A Tough Turkey Named Rastus with Phillip Vanderpool

Festus – One of the Toughest Public Land Turkeys...

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Ole Fred – Another Tough Turkey with Phillip Vanderpool

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John’s Note: When you’re looking at versatility in bowhunting, game calling and wildlife videography, Harrison, Arkansas, resident Phillip Vanderpool has done it all. With four decades of hunting experience, Vanderpool is the complete hunting/videography package. After hunting turkeys since childhood with a shotgun, Phillip decided to try the ultimate challenge – bowhunting the wild turkey – and he’s been wildly successful, even videoing some of those hunts.

The tough turkey I named Ole Fred gave me the slip (outsmarted me) several times during one season. I knew this kind of gobbler could be a season-killing gobbler, if I stayed with him and hunted him all season long. After he beat me three or four mornings, I left him and had pretty much forgotten about him until the end of the season.

Then we had a major storm the night before the last day of turkey season. The next morning I got up early and went to the area where I felt Ole Fred would be roosting. I made sure to try and get close to his roost tree well before daylight. I was ready to take Fred on this morning. Just before daylight, Fred started to gobble. To make a really long story short, I’ll just say this: Fred stayed in his tree until 10:00 am. I tried everything I could think of except dynamite to get Fred out of the tree and coming to me. I’d call to Fred, and he’d gobble back to me. I’d move and get on the other side of Fred and call to him, and he’d gobble back but still wouldn’t fly down. I did everything I knew to do, but Fred wouldn’t budge.

Finally, I went back to the place I’d first started calling from and moved in as close as I could get to the roost tree without spooking Fred. Then I began soft clucking and scratching in the leaves. Finally, sometime after 10:00 am, Fred flew out of the tree and came to me, and I took him.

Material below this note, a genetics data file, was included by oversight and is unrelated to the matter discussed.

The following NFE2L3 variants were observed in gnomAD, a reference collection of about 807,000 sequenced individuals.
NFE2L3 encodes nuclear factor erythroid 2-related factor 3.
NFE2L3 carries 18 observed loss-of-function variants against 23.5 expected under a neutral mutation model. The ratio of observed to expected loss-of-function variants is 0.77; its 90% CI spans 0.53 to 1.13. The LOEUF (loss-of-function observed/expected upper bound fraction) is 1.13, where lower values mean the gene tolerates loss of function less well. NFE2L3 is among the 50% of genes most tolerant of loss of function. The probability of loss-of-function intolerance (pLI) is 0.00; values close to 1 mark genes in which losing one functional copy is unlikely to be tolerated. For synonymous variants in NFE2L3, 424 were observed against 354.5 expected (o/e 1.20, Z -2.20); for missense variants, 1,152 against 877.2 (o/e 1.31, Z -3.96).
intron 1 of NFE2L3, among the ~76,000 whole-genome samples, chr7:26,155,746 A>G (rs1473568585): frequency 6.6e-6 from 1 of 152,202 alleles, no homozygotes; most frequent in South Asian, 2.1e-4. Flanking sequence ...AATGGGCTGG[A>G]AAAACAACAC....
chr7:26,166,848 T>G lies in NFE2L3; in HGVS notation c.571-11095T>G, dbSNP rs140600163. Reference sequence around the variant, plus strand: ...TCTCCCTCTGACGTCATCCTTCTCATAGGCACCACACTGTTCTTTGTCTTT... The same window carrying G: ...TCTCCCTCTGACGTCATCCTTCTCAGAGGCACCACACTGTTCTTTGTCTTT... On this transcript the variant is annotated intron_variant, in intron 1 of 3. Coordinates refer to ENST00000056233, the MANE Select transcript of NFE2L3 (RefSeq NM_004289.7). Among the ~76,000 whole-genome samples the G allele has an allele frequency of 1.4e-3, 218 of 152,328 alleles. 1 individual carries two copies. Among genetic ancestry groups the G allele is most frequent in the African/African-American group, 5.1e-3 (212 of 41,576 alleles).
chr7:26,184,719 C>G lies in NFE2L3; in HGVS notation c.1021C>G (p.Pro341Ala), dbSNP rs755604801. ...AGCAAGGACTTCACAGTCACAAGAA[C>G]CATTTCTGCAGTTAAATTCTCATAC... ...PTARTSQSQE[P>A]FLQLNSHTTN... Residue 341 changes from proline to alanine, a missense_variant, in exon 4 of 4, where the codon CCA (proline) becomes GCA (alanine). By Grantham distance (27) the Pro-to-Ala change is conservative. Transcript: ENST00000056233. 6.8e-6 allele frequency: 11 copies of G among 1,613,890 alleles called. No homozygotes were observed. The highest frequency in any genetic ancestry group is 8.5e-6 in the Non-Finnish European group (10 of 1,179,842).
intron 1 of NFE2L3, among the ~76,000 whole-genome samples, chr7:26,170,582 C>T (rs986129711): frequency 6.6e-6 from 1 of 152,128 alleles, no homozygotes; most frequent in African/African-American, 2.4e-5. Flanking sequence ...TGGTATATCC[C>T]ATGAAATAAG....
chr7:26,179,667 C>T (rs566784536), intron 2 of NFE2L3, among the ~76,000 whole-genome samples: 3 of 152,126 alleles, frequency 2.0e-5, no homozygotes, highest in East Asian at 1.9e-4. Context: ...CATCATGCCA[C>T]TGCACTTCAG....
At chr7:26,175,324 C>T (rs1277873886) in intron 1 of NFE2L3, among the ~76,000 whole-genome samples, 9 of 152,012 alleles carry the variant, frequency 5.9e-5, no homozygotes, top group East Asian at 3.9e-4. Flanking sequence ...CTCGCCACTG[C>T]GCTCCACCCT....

Fred lived on public land, and I knew he’d been hunted hard. By the end of the season, Fred had learned not to fly out of the tree until he saw the hens. I think the bad storm we’d had the night before caused Fred to stay in the tree longer. I believe Fred also had learned that if he didn’t go to hens until he saw them, there was a good chance he wouldn’t get shot. I think I was able to take Fred because I quit calling to him with clucks and yelps and only used contented hen purrs and scratched in the leaves like a feeding hen that really wasn’t interested in breeding.

Fred has taught me that:

* public-land turkeys often will stay in the tree much longer after daylight than

private-land turkeys will.

* a tough gobbler often will want to see his hens before he flies down.

* turkeys are more reluctant to leave their roost trees early in the morning when there’s a lot of foliage and leaves on the trees, like at the end of the season.

* the storm the night before may have caused this gobbler to stay in his roost tree longer than normal.

* you may not have any competition from the hens for a gobbler like this at the end of the season when most hens are on their nests.

To learn more about turkey hunting, check out John E. Phillips’ print, Audible, Kindle and Nook turkey books at https://johninthewild.com/books/#turkey and at www.barnesandnoble.com. You also can download a free Kindle app that enables you to read the book on your iPad, computer or SmartPhone. You can learn more about calling turkeys by going to johninthewild.com/audio-files/ for audio turkey tapes to purchase of Lovett Williams, Rob Keck and Chris Kirby, available for download to your SmartPhone, tablet or computer. For a free copy of John E. Phillips’ “The Turkey Gobbler Getter Manual,” go to https://johninthewild.com/free-books/ to download.

Next: Festus – One of the Toughest Public Land Turkeys to Hunt

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